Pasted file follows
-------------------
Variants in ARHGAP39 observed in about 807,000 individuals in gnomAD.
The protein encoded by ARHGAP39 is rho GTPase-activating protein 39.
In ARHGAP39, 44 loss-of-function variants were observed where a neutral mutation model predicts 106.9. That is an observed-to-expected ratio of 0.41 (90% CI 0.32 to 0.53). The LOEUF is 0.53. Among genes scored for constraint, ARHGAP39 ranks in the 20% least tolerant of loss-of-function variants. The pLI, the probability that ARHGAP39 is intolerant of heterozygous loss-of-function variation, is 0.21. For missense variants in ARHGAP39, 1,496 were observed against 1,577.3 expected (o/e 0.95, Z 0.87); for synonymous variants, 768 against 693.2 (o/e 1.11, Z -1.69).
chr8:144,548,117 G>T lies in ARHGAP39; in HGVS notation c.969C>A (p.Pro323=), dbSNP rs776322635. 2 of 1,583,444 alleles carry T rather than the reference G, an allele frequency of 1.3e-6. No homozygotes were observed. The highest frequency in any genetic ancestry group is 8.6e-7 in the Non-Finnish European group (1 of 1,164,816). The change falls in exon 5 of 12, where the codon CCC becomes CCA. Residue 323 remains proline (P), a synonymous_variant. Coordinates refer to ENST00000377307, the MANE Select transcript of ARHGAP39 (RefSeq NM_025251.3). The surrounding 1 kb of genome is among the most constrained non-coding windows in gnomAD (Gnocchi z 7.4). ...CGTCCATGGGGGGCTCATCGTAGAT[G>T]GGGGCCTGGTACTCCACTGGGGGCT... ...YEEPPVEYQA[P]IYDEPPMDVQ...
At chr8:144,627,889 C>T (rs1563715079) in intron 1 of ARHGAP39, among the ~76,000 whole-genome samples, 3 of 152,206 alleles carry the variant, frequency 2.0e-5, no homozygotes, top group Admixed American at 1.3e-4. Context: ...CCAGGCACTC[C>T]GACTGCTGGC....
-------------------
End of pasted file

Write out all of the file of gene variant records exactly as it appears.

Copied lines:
Variants in ARHGAP39 observed in about 807,000 individuals in gnomAD.
The protein encoded by ARHGAP39 is rho GTPase-activating protein 39.
In ARHGAP39, 44 loss-of-function variants were observed where a neutral mutation model predicts 106.9. That is an observed-to-expected ratio of 0.41 (90% CI 0.32 to 0.53). The LOEUF is 0.53. Among genes scored for constraint, ARHGAP39 ranks in the 20% least tolerant of loss-of-function variants. The pLI, the probability that ARHGAP39 is intolerant of heterozygous loss-of-function variation, is 0.21. For missense variants in ARHGAP39, 1,496 were observed against 1,577.3 expected (o/e 0.95, Z 0.87); for synonymous variants, 768 against 693.2 (o/e 1.11, Z -1.69).
chr8:144,548,117 G>T lies in ARHGAP39; in HGVS notation c.969C>A (p.Pro323=), dbSNP rs776322635. 2 of 1,583,444 alleles carry T rather than the reference G, an allele frequency of 1.3e-6. No homozygotes were observed. The highest frequency in any genetic ancestry group is 8.6e-7 in the Non-Finnish European group (1 of 1,164,816). The change falls in exon 5 of 12, where the codon CCC becomes CCA. Residue 323 remains proline (P), a synonymous_variant. Coordinates refer to ENST00000377307, the MANE Select transcript of ARHGAP39 (RefSeq NM_025251.3). The surrounding 1 kb of genome is among the most constrained non-coding windows in gnomAD (Gnocchi z 7.4). ...CGTCCATGGGGGGCTCATCGTAGAT[G>T]GGGGCCTGGTACTCCACTGGGGGCT... ...YEEPPVEYQA[P]IYDEPPMDVQ...
At chr8:144,627,889 C>T (rs1563715079) in intron 1 of ARHGAP39, among the ~76,000 whole-genome samples, 3 of 152,206 alleles carry the variant, frequency 2.0e-5, no homozygotes, top group Admixed American at 1.3e-4. Context: ...CCAGGCACTC[C>T]GACTGCTGGC....